41

My Vagrant box is build from a base linux (scientific linux), during provisioning (using shell scripts), Apache is installed.

I recently changed the Vagrant file (v2) to:

config.vm.synced_folder "public", "/var/www/sites.d/example.com",
   :owner => "apache", :group => "apache"

Which works well if the box is already provisioned and just rebooted.

Now, after a vagrant destroy && vagrant up I get the error:

mount -t vboxsf -o uid=`id -u apache`,gid=`id -g apache` 
   /var/www/sites.d/example.com /var/www/sites.d/example.com
id: apache: User does not exist

Which is clear - as during the initial run, apache is not yet installed.

An ugly workaround would of course be to do the basic provisioning with that synced_folder commented out, comment it in and then reboot.

Is there any clean trick to solve that? Especially in a way that vagrant up always runs without interruptions, even if the box is new.

7
  • 1
    How are you installing Apache? One option would be to create the synced folder with user vagrant and then change the owner in your provisioning script/cookbook/etc. after Apache is installed. – pauljm Jul 31 '13 at 18:42
  • Apache is installed via yum. The document root is a shared folder. I am not sure what happens if I change the owner of this folder -> would also change the owners on the shared folder in the host system? But basically vagrant is enforcing a user when mounting, I do not think that works (but did not try) – Alex Aug 1 '13 at 8:57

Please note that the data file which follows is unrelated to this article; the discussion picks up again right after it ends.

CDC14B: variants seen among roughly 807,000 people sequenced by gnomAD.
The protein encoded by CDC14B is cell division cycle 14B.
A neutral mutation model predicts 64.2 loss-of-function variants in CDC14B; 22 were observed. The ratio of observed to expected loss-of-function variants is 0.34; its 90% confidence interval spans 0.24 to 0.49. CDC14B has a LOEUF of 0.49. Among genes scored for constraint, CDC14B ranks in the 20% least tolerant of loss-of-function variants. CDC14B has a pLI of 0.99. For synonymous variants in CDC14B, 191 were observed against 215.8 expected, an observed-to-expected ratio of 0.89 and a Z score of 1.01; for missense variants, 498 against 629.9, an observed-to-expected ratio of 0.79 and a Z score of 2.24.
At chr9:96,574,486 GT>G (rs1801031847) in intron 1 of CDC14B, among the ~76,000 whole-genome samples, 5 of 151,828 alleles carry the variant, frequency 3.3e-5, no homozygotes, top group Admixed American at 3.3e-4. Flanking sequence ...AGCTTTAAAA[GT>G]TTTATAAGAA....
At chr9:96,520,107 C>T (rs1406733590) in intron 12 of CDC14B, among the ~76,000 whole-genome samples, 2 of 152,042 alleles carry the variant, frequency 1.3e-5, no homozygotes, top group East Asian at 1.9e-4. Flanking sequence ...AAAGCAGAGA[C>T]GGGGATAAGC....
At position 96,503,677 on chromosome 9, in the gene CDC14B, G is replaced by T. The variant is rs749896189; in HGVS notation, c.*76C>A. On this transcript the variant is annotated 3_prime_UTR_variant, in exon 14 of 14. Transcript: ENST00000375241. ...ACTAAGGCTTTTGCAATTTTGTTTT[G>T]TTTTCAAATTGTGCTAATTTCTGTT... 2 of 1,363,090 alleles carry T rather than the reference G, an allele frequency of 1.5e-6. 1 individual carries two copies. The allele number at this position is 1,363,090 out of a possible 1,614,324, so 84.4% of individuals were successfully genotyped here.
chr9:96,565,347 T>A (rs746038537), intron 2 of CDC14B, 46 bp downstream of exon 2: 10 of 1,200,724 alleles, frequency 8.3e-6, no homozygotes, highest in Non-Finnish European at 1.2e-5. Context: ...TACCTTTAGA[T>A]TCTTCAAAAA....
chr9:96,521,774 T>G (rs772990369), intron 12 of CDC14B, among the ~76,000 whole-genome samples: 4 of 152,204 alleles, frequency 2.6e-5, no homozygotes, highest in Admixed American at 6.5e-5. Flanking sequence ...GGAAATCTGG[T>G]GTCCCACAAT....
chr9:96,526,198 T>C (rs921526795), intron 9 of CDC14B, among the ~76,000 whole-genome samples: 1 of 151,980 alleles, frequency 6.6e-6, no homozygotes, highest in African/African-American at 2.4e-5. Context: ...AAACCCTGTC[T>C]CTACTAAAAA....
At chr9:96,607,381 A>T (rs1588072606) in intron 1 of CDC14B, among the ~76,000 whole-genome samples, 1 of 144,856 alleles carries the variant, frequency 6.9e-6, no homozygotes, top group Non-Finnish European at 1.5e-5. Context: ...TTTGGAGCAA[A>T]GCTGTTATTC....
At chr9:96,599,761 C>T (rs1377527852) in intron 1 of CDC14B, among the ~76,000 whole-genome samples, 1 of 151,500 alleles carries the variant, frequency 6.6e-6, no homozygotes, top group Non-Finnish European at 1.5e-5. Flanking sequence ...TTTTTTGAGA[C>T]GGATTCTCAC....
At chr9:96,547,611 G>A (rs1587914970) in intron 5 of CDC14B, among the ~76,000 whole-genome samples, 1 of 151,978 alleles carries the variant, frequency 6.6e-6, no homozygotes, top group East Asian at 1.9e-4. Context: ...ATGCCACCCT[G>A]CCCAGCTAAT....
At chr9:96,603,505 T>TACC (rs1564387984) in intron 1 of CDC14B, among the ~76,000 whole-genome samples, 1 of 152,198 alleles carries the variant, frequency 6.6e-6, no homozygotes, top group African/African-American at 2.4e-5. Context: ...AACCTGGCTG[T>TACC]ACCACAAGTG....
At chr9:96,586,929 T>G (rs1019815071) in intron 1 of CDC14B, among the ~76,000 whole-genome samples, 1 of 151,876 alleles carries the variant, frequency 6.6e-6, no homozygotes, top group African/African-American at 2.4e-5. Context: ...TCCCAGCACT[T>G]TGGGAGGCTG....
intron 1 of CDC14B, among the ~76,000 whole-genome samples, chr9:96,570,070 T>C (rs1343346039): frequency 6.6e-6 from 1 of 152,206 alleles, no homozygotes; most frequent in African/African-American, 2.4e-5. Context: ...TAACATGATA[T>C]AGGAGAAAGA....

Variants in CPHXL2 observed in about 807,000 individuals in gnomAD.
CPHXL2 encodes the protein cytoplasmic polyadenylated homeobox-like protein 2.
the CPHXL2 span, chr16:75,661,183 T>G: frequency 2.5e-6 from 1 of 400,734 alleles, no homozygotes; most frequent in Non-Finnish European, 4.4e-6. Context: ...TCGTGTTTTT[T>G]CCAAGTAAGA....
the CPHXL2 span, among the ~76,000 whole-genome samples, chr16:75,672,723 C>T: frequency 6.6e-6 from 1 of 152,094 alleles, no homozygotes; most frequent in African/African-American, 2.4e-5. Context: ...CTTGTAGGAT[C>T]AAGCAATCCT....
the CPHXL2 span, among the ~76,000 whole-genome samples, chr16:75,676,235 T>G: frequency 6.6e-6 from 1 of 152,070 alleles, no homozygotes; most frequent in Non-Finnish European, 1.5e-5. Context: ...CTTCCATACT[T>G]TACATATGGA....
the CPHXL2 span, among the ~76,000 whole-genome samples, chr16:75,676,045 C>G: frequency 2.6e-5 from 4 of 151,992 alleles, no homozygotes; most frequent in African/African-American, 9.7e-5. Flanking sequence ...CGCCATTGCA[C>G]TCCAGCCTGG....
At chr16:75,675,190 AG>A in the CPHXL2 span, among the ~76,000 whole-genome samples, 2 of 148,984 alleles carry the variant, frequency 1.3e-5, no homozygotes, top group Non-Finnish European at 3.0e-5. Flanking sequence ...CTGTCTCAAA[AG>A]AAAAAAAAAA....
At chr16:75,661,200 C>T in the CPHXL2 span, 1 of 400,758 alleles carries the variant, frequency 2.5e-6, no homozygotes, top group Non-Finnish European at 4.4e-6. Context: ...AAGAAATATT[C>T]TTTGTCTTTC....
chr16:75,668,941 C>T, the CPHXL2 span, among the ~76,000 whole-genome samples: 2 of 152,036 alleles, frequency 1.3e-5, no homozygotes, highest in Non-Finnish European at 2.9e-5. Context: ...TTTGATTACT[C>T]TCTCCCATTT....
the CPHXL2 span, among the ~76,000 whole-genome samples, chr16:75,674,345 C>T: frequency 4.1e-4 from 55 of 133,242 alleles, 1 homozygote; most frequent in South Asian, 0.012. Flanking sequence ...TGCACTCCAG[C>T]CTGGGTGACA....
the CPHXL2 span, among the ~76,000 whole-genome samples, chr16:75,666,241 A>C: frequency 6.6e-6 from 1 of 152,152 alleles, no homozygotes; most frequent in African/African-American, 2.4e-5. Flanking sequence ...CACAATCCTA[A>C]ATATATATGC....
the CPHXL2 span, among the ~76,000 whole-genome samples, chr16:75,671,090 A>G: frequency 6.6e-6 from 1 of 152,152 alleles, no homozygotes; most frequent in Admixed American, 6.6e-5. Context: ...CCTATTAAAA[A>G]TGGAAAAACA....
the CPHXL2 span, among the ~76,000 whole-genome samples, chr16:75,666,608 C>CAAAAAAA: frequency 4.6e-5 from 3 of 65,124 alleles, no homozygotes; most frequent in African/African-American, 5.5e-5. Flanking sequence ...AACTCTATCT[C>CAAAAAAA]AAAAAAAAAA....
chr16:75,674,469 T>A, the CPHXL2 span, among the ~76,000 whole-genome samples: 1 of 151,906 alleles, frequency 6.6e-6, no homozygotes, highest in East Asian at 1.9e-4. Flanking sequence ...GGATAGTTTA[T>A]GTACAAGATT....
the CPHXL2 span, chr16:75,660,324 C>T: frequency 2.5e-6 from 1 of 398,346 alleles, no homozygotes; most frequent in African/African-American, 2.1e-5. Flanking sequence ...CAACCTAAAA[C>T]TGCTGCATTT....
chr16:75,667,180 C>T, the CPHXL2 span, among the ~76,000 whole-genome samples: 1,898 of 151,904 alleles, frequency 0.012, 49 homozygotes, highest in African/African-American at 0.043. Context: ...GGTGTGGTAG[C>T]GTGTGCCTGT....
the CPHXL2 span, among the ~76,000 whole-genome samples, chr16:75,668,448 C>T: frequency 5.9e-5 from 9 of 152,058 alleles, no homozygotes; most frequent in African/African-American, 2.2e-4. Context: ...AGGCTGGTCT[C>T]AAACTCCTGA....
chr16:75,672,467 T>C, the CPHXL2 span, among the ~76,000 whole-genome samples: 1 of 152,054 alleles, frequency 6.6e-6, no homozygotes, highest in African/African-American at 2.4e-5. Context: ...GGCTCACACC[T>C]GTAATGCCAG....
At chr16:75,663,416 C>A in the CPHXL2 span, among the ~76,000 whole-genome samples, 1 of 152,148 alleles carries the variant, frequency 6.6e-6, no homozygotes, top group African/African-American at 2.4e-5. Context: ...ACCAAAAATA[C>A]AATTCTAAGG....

• I don't think changing ownership on the guest folder affects permissions on the host folder (see stackoverflow.com/questions/13566201/…). My assumption is that the host folder gets the user running vagrant as its owner. If it did try to sync owners between guest and host, there would be serious problems, since the host machine has a different set of users than the guest. I think changing owners after installing apache will work. – pauljm Aug 1 '13 at 17:40
  • What they do in there - to change the owner - is done via the ":owner" param in the Vagrant file and exactly what I tried in the original question. – Alex Aug 2 '13 at 13:14
  • You'd have to make the change in whatever provisioner is running yum. Only question I'd have is whether the change would be sticky on a reboot. – pauljm Aug 2 '13 at 22:43
8

Ryan Sechrest has dealt extensively with this problem.

One of the presented solutions is:

Set permissions of directories to 777 and files to 666

config.vm.synced_folder "/Users/ryansechrest/Projects/Sites", 
  "/var/www/domains", mount_options: ["dmode=777", "fmode=666"]
1
  • config.vm.synced_folder ".", "/var/www/website", id: "webroot", :owner => "4444",:group => "4444" worked better for me, this mounts the vboxsf shared volume with uid/gid and you then create a user with the same during provision – nick fox May 8 '17 at 10:23
26

If you can fix the uid/gid values you can use these in the mount command - they don't have to relate to an existing user/group

I do this with a user that is later created by puppet using fixed (matching)uid / gid values

config.vm.synced_folder "foo", "/var/www/foo",
   id: "foo", :mount_options => ["uid=510,gid=510"]
3